The last difference is the lockdown on the adjustment wheel. The Fast Eddie has a silent quick-release lever that slides horizontally quickly and quietly. On the Tommy there is a vertical lever/micro adjust dial that slides forward and back to lock and unlock the wheel. It also serves as a micro adjustment for the elevation. This was the biggest drawback to me. I didn’t really see the benefit (for my situations) of the micro adjust elevation and if there is any “weak” spot on this sight, it would be right here. There is a noticeable click, albeit not very loud, when the lever is activated either direction.

I would really like to see Spot Hogg add an inside-the-riser sight tape surface like the Montana Black Gold sights have. It’s just more convenient to be able to look down that side of the riser and watch the pointer while keeping an eye on the animal during the heat of the moment. The other minor thing would be truly vertical pin adjustments. The micro adjustment is nice; it’s just kind of a pain. Yes nitpicking slightly but it’s the little things that can add up.

For me it was a decision I could make without even shooting the Tommy. I was going to use the Fast Eddie. I repackaged the Tommy and put it in the Rokslide classifieds http://www.rokslide.com/forums/forum88/ where it sold same day (that alone indicates the quality of the Spot Hogg brand) I would give the Fast Eddie a 9-9.5 out of 10 and the Tommy 8.5 out of 10.

I think that a hybrid of the 3 sights in this review would make for a 10 out of 10 site. If Spot Hogg added a front facing sight tape face and pins that would adjust purely vertical, I think the Fast Eddie could be close to the perfect sight. Hey a person can dream right?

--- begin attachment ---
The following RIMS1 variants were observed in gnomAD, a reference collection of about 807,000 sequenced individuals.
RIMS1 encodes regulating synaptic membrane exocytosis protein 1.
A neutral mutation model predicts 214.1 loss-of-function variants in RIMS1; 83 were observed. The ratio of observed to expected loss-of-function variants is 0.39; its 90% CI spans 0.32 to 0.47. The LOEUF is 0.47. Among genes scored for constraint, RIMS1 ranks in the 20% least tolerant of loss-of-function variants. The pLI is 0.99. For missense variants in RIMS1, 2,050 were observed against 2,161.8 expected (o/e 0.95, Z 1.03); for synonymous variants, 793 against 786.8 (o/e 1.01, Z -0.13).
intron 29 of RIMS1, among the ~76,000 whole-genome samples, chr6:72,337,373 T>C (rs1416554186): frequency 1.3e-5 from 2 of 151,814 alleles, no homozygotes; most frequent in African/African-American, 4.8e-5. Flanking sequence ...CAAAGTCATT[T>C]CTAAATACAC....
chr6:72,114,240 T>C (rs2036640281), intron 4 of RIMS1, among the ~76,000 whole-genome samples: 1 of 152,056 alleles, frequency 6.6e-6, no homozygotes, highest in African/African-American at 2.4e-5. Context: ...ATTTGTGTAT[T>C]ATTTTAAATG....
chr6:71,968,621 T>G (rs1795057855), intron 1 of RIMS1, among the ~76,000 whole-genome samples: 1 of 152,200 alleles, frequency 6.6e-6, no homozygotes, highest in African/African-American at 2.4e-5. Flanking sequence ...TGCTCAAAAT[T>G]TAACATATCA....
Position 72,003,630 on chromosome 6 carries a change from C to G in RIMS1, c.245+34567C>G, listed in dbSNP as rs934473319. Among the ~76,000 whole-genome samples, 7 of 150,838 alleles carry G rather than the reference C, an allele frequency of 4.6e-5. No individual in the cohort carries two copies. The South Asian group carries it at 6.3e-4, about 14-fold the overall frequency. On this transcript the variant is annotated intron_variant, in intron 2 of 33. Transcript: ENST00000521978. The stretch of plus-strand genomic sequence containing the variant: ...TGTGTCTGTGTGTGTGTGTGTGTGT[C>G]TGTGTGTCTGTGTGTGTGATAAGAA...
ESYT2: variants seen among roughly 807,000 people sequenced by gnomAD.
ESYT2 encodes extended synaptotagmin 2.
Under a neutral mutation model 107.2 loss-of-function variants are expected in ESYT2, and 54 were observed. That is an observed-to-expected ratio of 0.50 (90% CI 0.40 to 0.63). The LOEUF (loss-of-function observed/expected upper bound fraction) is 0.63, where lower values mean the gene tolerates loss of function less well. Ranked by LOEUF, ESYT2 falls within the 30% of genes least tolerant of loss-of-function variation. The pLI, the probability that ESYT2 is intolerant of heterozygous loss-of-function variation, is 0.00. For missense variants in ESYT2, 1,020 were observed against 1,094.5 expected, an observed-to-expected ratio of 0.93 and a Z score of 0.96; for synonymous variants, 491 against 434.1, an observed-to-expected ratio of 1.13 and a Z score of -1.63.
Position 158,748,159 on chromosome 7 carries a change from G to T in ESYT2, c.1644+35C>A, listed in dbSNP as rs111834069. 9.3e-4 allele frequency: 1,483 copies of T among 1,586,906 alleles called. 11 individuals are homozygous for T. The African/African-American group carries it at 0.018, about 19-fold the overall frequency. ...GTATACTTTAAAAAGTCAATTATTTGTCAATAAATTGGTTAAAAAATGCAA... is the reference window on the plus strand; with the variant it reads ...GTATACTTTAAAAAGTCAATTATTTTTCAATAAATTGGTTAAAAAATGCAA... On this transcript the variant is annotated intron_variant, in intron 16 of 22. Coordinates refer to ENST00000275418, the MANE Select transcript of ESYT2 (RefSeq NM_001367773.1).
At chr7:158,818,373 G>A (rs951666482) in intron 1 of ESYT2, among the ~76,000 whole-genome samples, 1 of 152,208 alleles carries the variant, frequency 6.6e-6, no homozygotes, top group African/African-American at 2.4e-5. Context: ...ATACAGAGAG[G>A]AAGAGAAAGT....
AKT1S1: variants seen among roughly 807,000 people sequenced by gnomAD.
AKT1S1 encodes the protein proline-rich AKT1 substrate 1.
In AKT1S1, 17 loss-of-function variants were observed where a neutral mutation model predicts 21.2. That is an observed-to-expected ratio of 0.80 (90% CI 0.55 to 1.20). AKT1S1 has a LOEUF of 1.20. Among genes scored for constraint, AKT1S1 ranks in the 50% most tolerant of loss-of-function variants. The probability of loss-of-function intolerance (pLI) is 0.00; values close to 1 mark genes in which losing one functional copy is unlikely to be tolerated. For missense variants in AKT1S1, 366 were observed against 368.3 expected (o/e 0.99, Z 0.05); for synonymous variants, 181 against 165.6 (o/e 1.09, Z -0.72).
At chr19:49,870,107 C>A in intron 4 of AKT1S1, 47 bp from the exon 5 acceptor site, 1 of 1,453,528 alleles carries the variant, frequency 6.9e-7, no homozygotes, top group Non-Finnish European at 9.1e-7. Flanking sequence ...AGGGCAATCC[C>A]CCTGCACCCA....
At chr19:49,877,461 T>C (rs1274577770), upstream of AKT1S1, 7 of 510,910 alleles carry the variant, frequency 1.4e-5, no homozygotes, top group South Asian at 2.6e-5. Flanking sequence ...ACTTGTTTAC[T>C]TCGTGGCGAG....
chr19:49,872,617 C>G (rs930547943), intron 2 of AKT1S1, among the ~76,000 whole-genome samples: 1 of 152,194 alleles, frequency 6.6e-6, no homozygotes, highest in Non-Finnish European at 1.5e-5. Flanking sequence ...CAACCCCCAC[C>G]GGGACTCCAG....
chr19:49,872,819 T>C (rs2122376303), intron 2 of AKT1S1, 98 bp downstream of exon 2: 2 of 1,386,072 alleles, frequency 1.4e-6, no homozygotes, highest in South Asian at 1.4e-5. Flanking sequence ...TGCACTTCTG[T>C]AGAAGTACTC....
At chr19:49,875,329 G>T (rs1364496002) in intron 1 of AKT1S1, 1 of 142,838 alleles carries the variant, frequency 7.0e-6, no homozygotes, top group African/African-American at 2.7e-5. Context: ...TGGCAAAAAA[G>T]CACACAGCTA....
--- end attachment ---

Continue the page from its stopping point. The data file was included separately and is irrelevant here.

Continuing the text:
Overall a person couldn’t go wrong with any of the sights I’ve covered. All of them are American made with quality materials and unparalleled craftsmanship. The nitpicker in me would rank them best to pretty dang good as Fast Eddie, Tommy Hogg, and Montana Black Gold Verdict Ascent without a lot of room separating them.

Give the team over at S&S Archery a call for any of your hunting needs. They are very knowledgeable and willing to help. They did me right, even though I thought I knew what I wanted. Most importantly they are and have been staunch supporters of Rokslide.

If you read this article by May 31st, 2017, S&S Archery is offering $20 off on all custom sights here.  Use this code: rokslide20

You can ask Les questions or discuss this article here:


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Les Welch
Les Welch has been hunting and shooting for over 30 years. He grew up chasing small game and whitetails in the big woods of Northern Wisconsin. Having the ability to roam for thousands of acres hunting, scouting, and exploring without seeing people and civilization ingrained the public land DIY mentality deep within. After harvesting dozens of whitetails with archery equipment, including many P&Y, and countless more with rifle and muzzleloader the desire to explore the mountains had become to much to overcome. In 2006, he started researching antelope. That led to the harvest of 6 DIY, public land antelope in 2007 between him and his father. That trip was the beginning of the obsession/addiction. Since that trip he has traveled West of the Mississippi on 8 more hunts, all 100% DIY public land.....with 100% success rates, harvesting multiple elk, mule deer, and antelope. Coming home to the flatlands after that first hunt back in '07 he realized the need to be in shape if success was going to continue. He dropped 60# and 20% bodyfat in a few months. He has since become a certified Personal Trainer and Fitness Nutrition Coach. Understanding what the body needs to maximize performance whether he is running a race, competing in triathalons, or preparing for 15-20 day backpack backcountry hunts help insure he achieves full potential. Year around gym time, training, scouting, and spending time in the outdoors with family maintain that healthy lifestyle to keep "mountain" ready! He is on pro-staff for Sitka Gear, HECS, and ElkNut Outdoor Productions. When he is not chasing down something with stick and string, rifle, or muzzleloader he can be found spending time hunting, fishing, camping, or something of the like with his family. You will also see him at many of the RMEF events as he is Chapter chair in Wisconsin.